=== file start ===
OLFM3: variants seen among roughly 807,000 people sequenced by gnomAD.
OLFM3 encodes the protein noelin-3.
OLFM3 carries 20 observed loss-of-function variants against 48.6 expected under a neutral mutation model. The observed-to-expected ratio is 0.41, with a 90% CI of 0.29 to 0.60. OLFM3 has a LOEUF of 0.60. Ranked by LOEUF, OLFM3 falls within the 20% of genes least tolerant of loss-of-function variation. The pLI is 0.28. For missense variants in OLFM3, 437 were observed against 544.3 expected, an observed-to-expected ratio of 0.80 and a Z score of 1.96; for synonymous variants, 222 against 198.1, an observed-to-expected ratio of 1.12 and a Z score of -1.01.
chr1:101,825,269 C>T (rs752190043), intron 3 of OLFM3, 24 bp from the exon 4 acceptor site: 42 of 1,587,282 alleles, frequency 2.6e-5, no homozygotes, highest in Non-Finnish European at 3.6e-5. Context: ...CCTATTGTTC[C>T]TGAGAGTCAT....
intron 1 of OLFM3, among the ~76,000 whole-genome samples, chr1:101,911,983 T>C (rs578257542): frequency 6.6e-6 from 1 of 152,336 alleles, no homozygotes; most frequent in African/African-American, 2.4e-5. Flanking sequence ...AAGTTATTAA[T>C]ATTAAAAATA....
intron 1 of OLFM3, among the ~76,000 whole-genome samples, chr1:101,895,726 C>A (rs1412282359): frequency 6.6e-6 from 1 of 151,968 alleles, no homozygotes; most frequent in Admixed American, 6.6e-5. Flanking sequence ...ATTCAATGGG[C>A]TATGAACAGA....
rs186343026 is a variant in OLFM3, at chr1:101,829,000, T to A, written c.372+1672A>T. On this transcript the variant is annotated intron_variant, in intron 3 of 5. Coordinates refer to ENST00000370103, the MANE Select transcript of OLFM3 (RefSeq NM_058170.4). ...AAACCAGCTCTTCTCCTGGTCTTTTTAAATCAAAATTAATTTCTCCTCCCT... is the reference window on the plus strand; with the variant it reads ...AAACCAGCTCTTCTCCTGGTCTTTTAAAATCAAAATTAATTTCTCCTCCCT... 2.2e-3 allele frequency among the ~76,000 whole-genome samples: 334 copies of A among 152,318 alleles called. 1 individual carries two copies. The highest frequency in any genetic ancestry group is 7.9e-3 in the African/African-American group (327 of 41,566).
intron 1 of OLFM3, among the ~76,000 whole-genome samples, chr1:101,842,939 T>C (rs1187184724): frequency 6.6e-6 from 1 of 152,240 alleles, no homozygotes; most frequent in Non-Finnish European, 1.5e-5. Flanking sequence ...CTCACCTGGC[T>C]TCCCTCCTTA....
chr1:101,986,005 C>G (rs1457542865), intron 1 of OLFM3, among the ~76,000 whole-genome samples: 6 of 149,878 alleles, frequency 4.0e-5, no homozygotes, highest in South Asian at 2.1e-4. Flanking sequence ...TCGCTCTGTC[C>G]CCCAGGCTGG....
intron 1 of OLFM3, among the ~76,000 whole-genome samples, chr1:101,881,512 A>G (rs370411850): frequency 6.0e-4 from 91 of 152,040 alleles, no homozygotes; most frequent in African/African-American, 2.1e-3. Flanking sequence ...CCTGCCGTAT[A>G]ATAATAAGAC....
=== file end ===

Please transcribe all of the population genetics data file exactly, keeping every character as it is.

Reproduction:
OLFM3: variants seen among roughly 807,000 people sequenced by gnomAD.
OLFM3 encodes the protein noelin-3.
OLFM3 carries 20 observed loss-of-function variants against 48.6 expected under a neutral mutation model. The observed-to-expected ratio is 0.41, with a 90% CI of 0.29 to 0.60. OLFM3 has a LOEUF of 0.60. Ranked by LOEUF, OLFM3 falls within the 20% of genes least tolerant of loss-of-function variation. The pLI is 0.28. For missense variants in OLFM3, 437 were observed against 544.3 expected, an observed-to-expected ratio of 0.80 and a Z score of 1.96; for synonymous variants, 222 against 198.1, an observed-to-expected ratio of 1.12 and a Z score of -1.01.
chr1:101,825,269 C>T (rs752190043), intron 3 of OLFM3, 24 bp from the exon 4 acceptor site: 42 of 1,587,282 alleles, frequency 2.6e-5, no homozygotes, highest in Non-Finnish European at 3.6e-5. Context: ...CCTATTGTTC[C>T]TGAGAGTCAT....
intron 1 of OLFM3, among the ~76,000 whole-genome samples, chr1:101,911,983 T>C (rs578257542): frequency 6.6e-6 from 1 of 152,336 alleles, no homozygotes; most frequent in African/African-American, 2.4e-5. Flanking sequence ...AAGTTATTAA[T>C]ATTAAAAATA....
intron 1 of OLFM3, among the ~76,000 whole-genome samples, chr1:101,895,726 C>A (rs1412282359): frequency 6.6e-6 from 1 of 151,968 alleles, no homozygotes; most frequent in Admixed American, 6.6e-5. Flanking sequence ...ATTCAATGGG[C>A]TATGAACAGA....
rs186343026 is a variant in OLFM3, at chr1:101,829,000, T to A, written c.372+1672A>T. On this transcript the variant is annotated intron_variant, in intron 3 of 5. Coordinates refer to ENST00000370103, the MANE Select transcript of OLFM3 (RefSeq NM_058170.4). ...AAACCAGCTCTTCTCCTGGTCTTTTTAAATCAAAATTAATTTCTCCTCCCT... is the reference window on the plus strand; with the variant it reads ...AAACCAGCTCTTCTCCTGGTCTTTTAAAATCAAAATTAATTTCTCCTCCCT... 2.2e-3 allele frequency among the ~76,000 whole-genome samples: 334 copies of A among 152,318 alleles called. 1 individual carries two copies. The highest frequency in any genetic ancestry group is 7.9e-3 in the African/African-American group (327 of 41,566).
intron 1 of OLFM3, among the ~76,000 whole-genome samples, chr1:101,842,939 T>C (rs1187184724): frequency 6.6e-6 from 1 of 152,240 alleles, no homozygotes; most frequent in Non-Finnish European, 1.5e-5. Flanking sequence ...CTCACCTGGC[T>C]TCCCTCCTTA....
chr1:101,986,005 C>G (rs1457542865), intron 1 of OLFM3, among the ~76,000 whole-genome samples: 6 of 149,878 alleles, frequency 4.0e-5, no homozygotes, highest in South Asian at 2.1e-4. Flanking sequence ...TCGCTCTGTC[C>G]CCCAGGCTGG....
intron 1 of OLFM3, among the ~76,000 whole-genome samples, chr1:101,881,512 A>G (rs370411850): frequency 6.0e-4 from 91 of 152,040 alleles, no homozygotes; most frequent in African/African-American, 2.1e-3. Flanking sequence ...CCTGCCGTAT[A>G]ATAATAAGAC....